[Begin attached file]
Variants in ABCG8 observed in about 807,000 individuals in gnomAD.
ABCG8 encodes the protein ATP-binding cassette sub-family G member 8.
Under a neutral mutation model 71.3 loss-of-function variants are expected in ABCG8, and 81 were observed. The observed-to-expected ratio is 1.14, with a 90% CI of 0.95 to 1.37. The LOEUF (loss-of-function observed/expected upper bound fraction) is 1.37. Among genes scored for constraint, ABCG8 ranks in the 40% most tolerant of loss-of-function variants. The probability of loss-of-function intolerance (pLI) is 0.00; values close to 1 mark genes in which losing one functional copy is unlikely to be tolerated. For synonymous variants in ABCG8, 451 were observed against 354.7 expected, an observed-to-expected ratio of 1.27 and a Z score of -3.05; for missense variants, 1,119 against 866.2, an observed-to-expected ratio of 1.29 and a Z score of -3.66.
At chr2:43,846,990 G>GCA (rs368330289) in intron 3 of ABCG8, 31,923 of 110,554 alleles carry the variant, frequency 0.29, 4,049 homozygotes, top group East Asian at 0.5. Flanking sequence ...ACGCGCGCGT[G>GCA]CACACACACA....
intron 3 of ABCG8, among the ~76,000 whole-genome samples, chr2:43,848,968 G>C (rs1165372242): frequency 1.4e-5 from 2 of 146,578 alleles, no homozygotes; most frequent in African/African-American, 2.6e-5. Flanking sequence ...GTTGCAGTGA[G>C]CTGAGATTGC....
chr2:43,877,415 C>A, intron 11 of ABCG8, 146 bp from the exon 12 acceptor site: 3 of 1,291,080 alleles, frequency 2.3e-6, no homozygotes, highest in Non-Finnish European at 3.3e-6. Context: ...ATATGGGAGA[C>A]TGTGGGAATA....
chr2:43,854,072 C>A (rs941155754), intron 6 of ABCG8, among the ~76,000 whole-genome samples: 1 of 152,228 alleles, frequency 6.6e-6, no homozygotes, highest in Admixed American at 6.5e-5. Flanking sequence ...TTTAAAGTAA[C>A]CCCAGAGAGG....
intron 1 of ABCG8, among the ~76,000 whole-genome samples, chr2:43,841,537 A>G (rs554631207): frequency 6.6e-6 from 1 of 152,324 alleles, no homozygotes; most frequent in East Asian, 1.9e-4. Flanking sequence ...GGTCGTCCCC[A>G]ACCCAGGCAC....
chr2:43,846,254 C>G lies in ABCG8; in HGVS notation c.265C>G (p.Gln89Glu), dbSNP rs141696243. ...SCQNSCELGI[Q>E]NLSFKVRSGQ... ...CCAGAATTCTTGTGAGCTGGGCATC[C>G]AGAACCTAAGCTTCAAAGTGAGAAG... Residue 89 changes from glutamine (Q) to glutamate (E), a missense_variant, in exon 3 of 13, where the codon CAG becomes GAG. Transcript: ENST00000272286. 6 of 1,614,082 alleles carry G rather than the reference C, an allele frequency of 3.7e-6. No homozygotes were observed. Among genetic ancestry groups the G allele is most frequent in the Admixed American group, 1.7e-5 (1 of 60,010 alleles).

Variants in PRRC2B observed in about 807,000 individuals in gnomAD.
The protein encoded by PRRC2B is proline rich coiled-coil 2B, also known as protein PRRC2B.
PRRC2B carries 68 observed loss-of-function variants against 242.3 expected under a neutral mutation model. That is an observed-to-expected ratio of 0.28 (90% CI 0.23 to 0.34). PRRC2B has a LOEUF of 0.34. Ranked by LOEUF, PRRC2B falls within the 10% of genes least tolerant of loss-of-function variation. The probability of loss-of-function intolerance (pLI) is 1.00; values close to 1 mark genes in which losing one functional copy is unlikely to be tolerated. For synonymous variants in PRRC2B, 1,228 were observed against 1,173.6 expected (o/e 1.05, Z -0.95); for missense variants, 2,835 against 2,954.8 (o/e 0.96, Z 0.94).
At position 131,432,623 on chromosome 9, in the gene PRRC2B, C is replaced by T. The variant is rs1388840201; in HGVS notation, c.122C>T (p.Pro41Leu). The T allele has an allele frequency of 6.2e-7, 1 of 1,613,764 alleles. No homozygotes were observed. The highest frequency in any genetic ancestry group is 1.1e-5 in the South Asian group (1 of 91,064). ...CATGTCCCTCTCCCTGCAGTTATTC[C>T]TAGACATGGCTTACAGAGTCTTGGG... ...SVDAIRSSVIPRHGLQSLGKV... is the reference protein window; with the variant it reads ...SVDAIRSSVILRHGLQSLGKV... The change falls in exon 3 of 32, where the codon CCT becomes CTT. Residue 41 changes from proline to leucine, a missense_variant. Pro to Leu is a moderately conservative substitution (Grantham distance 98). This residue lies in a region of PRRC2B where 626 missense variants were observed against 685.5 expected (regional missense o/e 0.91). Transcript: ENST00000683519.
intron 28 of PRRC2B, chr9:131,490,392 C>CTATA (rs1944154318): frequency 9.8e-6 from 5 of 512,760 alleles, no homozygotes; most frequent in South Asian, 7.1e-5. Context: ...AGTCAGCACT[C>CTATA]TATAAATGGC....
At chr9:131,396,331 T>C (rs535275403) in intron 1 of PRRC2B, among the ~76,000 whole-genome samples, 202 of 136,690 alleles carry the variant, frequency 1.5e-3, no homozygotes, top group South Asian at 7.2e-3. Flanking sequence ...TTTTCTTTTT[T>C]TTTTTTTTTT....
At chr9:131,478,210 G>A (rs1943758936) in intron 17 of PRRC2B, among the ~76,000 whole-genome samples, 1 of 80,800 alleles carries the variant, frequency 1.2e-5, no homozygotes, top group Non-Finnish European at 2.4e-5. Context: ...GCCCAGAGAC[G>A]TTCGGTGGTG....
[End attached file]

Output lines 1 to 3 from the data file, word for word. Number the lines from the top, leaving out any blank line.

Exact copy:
Variants in ABCG8 observed in about 807,000 individuals in gnomAD.
ABCG8 encodes the protein ATP-binding cassette sub-family G member 8.
Under a neutral mutation model 71.3 loss-of-function variants are expected in ABCG8, and 81 were observed. The observed-to-expected ratio is 1.14, with a 90% CI of 0.95 to 1.37. The LOEUF (loss-of-function observed/expected upper bound fraction) is 1.37. Among genes scored for constraint, ABCG8 ranks in the 40% most tolerant of loss-of-function variants. The probability of loss-of-function intolerance (pLI) is 0.00; values close to 1 mark genes in which losing one functional copy is unlikely to be tolerated. For synonymous variants in ABCG8, 451 were observed against 354.7 expected, an observed-to-expected ratio of 1.27 and a Z score of -3.05; for missense variants, 1,119 against 866.2, an observed-to-expected ratio of 1.29 and a Z score of -3.66.